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Infectious Diseases 2020

Antibiotics must be accessible to citizens who need them

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Dr Haileyesus Getahun

Director, Global Coordination and Partnership on Antimicrobial Resistance, WHO

Antibiotics are the weakest link in our health and economic security and their discovery and access needs government investment and partnership.

The 2019 UN Political Declaration on Universal Health Coverage (UHC) called for equitable access to affordable, safe, effective and quality antibiotics and other antimicrobial medicines. The Declaration also recognised antimicrobial resistance as a threat to universal health coverage and committed to increase research and regulatory capacity, as well as antimicrobial stewardship activities.

Health care as a public good has been debated in the strictest economic terms. The on-going COVID-19 pandemic is stark evidence of the intricate link between health and economic development and should help to change such narrative. Nonetheless, these political commitments and renewed efforts in many countries on universal health coverage help to facilitate health care as a public good.

Antibiotics – the orphaned Achilles heel of UHC

Universal access to high quality and affordable antimicrobials is the backbone of universal health coverage. Antimicrobials include antibiotics, antivirals, antifungals and antiparasitics and are used to prevent and treat infections in humans, animals and plants. They play a significant role in keeping communities and economies safe and productive.

Inadequate access to antibiotics alone kills nearly six million people annually, including a million children who die of preventable sepsis and pneumonia. This presents an immense toll.

There is no sustainable pathway to ensure access to newly developed and lifesaving antibiotics to treat drug resistant bacterial infections.

Despite antibiotics being the Achilles heel of universal health coverage, they are orphaned by political leaders and the pharmaceutical industry. Big pharma dropped antibiotic discovery and production as the market failed. Small and medium sized companies who tried to fill the gap in discovery are also increasingly failing.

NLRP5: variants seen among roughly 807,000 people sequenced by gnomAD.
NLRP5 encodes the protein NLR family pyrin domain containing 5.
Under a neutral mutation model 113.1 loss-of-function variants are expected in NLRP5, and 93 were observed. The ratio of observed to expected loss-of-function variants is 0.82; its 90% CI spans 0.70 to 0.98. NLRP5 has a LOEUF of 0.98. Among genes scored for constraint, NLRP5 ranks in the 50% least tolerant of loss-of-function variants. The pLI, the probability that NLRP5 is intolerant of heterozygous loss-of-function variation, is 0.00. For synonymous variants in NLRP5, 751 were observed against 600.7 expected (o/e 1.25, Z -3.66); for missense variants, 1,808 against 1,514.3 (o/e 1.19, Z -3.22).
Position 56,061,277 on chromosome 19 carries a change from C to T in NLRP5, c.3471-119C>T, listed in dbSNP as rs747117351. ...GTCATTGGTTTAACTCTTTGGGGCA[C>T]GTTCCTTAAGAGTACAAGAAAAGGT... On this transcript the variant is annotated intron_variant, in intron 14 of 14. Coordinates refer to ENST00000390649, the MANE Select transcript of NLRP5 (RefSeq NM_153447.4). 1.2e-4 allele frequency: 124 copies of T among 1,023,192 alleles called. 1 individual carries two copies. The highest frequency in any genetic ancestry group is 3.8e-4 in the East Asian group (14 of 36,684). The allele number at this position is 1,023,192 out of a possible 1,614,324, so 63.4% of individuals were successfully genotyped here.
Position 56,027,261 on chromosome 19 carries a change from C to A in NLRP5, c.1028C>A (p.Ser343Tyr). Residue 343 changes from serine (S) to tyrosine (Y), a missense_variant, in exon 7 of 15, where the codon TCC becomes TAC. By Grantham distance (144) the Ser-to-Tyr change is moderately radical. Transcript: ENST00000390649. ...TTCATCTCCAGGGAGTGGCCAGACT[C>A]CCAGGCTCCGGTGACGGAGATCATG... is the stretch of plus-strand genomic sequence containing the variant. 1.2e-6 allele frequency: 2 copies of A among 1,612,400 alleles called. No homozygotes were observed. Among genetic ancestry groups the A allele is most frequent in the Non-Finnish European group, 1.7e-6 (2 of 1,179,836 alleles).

Recurrent shortage of existing antibiotics

Shortage of old antibiotics needed to treat common clinical conditions are becoming recurrent even in countries with strong economies. There is no global mechanism to systematically address the recurrent lack of access to existing and new antibiotics. However, national governments are partnering to promote and subsidise production of antibiotics to address acute shortages such as fuelled by the COVID-19 pandemic. There is no sustainable pathway to ensure access to newly developed and lifesaving antibiotics to treat drug resistant bacterial infections.

Current efforts need more government investment

The challenges of research and development for new antibiotics are currently addressed by efforts of the Combating Antibiotic-Resistant Bacteria Biopharmaceutical Accelerator (CARB-X) and the Global Antibiotic Research and Development Partnership (GARDP), which are non-profit global partnerships.

The AMR Action Fund is a new mechanism that is expected to invest more than US$1 billion in smaller biotech companies and provide industry expertise to support the clinical development of novel antibiotics.

The G7 and G20 countries’ political declarations on health since 2014 consistently mentions and commits to containing antimicrobial resistance and enhancing antibiotic research and development including through support for ‘pull’ and ‘push’ mechanisms. However, these commitments are yet to translate into action.

National and grass root civil society movements needed

The ongoing crises of antimicrobial resistance will not be addressed without active political leadership and the financial investment of all national governments. The COVID-19 pandemic showed that societal and personal livelihoods are intricately linked with health.

Labeling antibiotics as public goods within the context of universal health coverage presents a unique opportunity to enhance their access to citizens of countries. This will not be easy to achieve. It can be facilitated by mobilising informed national and grass roots civil society movements which are able to influence governments and broaden public awareness of antibiotics as the weakest link in our health and economic security.

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